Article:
The Kids’ Table


There comes a moment in all of our lives when we take a big step. It’s a step that we wait years to take and, when it finally comes, we know that our lives will never be the same again.

The first holiday when we upgrade from the kids’ table to the adult table is a rite of passage that most of us have taken. When we finally sit at the adult table the food tastes better, the conversation is more refined and we suddenly don’t want to play with our food as much. We look down on the kids’ table and pray that we never have to go back again.

The journey from the kids’ table to the adult table mirrors our journey from childhood to adulthood. We wait so long to get our licenses, to turn 18, to move out, to start our careers, to get married and to have kids of our own that we can force to sit at the kids’ table. Once we get through our journey, though, once we make it to adulthood, it’s easy to forget about the young people who are still on that journey.

This past weekend was a great reminder of those still at the kids’ table or those making their way to the adult table. With or without power, we saw a powerful example of what it means to invest in young people and help them on their journey from childhood to adulthood. We can’t just say that we believe in young people and want to see them become all that God has created them to be; we actually have to put action behind our words and help young people navigate childhood and adolescence.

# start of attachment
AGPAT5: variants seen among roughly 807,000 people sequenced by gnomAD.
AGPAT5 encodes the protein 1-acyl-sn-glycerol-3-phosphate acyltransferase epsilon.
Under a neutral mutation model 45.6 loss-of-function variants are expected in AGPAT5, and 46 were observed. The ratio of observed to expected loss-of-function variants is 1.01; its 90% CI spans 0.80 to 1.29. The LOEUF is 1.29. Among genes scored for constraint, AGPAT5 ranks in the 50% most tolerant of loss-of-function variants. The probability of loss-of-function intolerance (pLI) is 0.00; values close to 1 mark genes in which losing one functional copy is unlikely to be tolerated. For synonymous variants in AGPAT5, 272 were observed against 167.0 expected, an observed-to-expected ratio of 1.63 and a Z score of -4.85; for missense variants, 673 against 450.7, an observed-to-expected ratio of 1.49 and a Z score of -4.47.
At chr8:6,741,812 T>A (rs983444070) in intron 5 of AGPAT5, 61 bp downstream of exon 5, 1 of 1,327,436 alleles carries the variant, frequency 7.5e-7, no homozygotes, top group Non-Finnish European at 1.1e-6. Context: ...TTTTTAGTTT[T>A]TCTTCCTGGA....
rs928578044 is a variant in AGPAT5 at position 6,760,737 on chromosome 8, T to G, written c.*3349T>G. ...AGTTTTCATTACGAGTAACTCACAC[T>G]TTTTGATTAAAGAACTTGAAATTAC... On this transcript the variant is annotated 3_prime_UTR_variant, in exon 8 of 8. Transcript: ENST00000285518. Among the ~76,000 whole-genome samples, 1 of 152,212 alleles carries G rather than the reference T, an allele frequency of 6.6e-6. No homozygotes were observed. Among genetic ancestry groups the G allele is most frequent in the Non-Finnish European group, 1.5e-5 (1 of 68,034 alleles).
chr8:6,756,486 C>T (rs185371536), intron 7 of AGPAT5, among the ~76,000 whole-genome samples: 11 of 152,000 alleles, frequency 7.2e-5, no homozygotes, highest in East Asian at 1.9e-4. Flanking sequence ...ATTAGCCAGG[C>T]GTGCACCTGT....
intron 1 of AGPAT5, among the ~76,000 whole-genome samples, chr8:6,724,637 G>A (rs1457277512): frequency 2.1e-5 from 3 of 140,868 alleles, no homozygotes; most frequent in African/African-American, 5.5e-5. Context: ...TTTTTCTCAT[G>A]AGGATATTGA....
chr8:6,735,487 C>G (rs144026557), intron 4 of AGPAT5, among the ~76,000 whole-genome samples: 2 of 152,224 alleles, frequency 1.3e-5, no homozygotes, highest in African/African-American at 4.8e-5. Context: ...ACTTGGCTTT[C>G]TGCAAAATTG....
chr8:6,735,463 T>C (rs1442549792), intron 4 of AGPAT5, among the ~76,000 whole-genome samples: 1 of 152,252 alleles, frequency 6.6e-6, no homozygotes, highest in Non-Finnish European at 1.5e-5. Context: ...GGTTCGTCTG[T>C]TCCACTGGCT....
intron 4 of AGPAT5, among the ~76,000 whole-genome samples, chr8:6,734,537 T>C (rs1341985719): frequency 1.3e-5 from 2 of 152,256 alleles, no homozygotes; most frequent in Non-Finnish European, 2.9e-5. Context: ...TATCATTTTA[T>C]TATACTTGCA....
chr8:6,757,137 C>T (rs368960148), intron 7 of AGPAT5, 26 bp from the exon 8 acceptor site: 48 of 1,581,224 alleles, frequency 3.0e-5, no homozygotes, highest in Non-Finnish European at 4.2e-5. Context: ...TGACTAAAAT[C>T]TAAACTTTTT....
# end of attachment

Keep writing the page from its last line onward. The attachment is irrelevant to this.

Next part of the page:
That action can take a lot of different forms.

We can serve in KidSPACE or student ministry.

We can volunteer for VBS 2018 and hang out with a bunch of kids all morning long.

We can give money to help kids and students get to summer camp for a transformative week.

We can still engage with worship services even if the music gets a little loud or the lights get a little low.

For most of human history, communities of adults banded together to help raise children to adulthood. In the past few decades, though, adults have abdicated that responsibility, focusing on their own needs and leaving young people to fend for themselves.

We can no longer let young people fend for themselves; those of us who have made it to the adult table have a responsibility to those still at the kids’ table. We need to help them on their journey, navigating all the pitfalls and speed bumps of growing up. And, when they’re ready to take their spot at the adult table, we need to be willing to give up our seats.

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